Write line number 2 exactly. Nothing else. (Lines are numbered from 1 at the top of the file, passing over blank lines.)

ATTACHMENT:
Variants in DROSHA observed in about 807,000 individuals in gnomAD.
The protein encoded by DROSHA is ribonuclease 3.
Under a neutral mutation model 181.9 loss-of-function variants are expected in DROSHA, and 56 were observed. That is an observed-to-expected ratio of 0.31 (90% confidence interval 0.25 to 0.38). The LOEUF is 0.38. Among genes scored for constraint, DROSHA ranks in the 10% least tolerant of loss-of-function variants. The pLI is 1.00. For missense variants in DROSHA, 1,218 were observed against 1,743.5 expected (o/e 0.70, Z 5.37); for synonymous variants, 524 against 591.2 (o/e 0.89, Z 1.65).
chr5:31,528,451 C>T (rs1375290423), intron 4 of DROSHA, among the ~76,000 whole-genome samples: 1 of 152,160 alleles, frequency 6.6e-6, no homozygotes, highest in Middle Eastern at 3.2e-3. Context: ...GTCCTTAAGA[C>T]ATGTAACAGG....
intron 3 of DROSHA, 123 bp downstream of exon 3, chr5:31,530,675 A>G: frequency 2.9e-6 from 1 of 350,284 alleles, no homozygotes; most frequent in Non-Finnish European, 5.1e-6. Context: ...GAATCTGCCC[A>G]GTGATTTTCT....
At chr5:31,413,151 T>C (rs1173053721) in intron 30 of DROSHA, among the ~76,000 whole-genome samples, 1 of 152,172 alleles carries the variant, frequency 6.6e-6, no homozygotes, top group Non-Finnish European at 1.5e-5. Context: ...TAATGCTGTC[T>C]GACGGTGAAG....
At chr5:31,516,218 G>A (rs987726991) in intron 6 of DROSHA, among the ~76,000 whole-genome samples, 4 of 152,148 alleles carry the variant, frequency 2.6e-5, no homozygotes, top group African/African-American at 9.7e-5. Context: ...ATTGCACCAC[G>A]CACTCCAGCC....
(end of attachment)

The protein encoded by DROSHA is ribonuclease 3.